When will the first freeze be? The history of first freezes in Iowa

Weather

Freezing weather

Despite the forecast for above-average temperatures this week, freezing temperatures will make their way to Iowa at some point this fall.

First of all, what is a fall freeze defined as?
The fall freeze represents the first time during the fall season when surface temperatures drop to 32° or colder. The extremity of the freeze is determined by the actual temperature. 29-32° would be considered a light freeze, while temperatures between 25 and 28° indicate a moderate freeze, and anything at or below 24° is considered a severe freeze. 

The average date of the first freeze in Iowa is getting later. 
From 1893-1990 the average first freeze for Des Moines, Algona, Fort Dodge, Marshalltown, Osceola, and Lamoni ranged from Oct. 5 to Oct. 17. Between 1990-2020 those same places saw an average first freeze between Oct. 7 and Oct. 20.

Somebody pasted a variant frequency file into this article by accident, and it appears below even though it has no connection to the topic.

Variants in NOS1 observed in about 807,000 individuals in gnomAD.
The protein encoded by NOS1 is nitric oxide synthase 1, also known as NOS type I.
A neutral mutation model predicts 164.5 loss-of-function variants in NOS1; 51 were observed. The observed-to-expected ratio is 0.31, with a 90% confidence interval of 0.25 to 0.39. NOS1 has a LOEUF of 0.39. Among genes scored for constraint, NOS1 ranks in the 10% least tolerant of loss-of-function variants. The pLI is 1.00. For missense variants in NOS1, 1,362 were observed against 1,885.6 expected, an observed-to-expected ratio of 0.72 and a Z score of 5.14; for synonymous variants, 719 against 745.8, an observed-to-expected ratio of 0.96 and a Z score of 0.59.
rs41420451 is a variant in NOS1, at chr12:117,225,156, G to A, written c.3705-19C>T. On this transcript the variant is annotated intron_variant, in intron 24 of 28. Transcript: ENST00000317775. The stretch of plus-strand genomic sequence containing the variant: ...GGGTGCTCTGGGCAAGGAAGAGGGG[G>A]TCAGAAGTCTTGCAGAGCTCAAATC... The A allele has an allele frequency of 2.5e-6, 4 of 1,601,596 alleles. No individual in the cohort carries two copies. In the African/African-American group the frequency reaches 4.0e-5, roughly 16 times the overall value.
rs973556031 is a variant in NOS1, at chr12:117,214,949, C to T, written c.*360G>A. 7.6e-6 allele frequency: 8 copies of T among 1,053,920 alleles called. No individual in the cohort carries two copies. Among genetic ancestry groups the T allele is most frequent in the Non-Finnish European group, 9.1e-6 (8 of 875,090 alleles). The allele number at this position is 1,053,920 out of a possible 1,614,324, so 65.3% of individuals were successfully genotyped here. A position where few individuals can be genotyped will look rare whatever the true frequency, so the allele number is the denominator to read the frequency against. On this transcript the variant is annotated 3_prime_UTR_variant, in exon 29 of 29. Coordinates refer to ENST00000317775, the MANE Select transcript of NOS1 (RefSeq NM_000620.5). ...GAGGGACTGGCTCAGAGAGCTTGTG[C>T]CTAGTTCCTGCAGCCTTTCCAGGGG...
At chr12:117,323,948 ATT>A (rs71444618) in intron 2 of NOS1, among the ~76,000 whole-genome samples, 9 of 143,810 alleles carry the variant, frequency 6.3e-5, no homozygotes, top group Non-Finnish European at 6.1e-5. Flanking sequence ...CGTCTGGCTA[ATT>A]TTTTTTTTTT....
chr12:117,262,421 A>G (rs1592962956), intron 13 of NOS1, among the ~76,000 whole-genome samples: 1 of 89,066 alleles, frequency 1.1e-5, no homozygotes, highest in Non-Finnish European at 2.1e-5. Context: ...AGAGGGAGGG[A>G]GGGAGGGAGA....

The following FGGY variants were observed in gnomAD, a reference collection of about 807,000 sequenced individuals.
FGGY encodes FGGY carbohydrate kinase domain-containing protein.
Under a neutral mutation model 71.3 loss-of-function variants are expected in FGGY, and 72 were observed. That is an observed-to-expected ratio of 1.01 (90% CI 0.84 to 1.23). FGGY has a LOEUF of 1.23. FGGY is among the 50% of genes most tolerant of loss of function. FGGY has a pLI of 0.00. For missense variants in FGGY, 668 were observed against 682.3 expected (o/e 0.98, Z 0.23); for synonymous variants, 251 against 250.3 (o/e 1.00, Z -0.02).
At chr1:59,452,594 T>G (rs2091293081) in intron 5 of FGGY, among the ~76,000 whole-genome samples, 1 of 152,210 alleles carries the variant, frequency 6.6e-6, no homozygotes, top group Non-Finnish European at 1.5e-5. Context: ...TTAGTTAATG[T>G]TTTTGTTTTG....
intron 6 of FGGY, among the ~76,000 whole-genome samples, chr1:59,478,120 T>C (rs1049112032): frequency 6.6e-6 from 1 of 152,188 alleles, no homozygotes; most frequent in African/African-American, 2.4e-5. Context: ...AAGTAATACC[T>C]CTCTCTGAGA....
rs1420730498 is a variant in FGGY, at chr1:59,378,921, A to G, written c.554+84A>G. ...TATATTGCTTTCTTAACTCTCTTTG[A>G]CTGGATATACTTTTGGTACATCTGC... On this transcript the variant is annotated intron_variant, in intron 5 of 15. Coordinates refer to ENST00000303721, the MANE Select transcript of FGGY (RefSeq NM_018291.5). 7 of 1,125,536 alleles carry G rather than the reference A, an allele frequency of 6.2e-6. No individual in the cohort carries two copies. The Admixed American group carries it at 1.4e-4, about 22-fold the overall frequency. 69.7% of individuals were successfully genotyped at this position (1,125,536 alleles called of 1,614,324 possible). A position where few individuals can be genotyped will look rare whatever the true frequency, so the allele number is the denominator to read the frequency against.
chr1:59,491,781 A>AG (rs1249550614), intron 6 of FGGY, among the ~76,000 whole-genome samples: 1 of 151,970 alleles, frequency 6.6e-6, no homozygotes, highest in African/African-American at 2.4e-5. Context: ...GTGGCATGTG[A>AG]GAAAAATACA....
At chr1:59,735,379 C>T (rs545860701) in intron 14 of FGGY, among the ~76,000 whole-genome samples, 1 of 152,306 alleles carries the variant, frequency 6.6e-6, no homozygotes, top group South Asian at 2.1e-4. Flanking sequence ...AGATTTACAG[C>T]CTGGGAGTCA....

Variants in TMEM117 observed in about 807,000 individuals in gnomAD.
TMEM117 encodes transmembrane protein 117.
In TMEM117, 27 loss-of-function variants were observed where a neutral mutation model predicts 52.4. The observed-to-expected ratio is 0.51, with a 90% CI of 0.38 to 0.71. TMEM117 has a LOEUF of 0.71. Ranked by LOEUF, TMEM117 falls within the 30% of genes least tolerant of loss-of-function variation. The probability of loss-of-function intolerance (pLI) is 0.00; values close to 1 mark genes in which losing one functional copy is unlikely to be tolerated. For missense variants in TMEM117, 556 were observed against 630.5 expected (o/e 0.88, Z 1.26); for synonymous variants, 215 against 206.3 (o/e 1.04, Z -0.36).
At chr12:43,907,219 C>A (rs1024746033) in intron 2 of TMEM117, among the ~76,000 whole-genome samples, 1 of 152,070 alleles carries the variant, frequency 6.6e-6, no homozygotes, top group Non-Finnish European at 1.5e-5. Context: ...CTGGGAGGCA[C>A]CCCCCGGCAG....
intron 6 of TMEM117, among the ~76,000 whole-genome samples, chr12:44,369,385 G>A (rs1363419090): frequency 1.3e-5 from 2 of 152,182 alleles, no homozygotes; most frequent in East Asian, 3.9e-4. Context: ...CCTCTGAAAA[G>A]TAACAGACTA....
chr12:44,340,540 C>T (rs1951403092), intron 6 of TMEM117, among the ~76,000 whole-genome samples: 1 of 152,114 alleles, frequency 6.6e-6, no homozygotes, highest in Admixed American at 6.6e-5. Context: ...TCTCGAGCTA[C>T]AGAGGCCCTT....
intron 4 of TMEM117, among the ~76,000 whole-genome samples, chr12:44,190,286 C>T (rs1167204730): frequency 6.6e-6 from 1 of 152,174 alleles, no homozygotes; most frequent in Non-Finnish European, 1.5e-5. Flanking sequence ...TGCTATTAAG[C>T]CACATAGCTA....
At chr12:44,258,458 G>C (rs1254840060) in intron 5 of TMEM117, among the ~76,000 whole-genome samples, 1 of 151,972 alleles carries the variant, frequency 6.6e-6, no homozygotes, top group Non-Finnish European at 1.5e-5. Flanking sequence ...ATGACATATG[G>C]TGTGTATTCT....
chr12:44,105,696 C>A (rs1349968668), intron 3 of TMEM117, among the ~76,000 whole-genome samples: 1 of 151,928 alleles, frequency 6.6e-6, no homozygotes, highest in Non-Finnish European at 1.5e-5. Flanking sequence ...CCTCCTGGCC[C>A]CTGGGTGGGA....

Average first Freeze 1893-1990 vs 1990-2020. Maps courtesy of the Iowa Environmental Mesonet

First freeze over the past 5 years in Des Moines, Algona, and Lamoni

Latest freeze on record
The latest occurrence for the first freeze of the cold season in Des Moines is Nov. 13, which was set in 2015. Algona, among other cities, did experience a November first freeze during the early 1900s, but Nov. 8, 1900 is the latest Algona has ever experienced the first freeze of the season. Lamoni’s record for the latest first freeze was set on Nov. 12, 2016.

Will we see a freeze anytime soon?
The forecast for the next 7 days keeps highs in the 70s and 80s and lows in the 50s and 60s. The trend beyond that also looks warmer. The Climate Prediction Center’s 8-14 day outlook for Oct. 12-18 shows that temperatures will likely be above average. On Oct. 12 the average high in Des Moines is 66°, while the average low is 45°. By Oct. 18, the average high is 62° and the average low is 42°. While the overall temperature is expected to be above average, that doesn’t preclude us from not seeing a couple days with lows in the 30s. However, the likelihood of dropping all the way into the lower 30s remains very low. 

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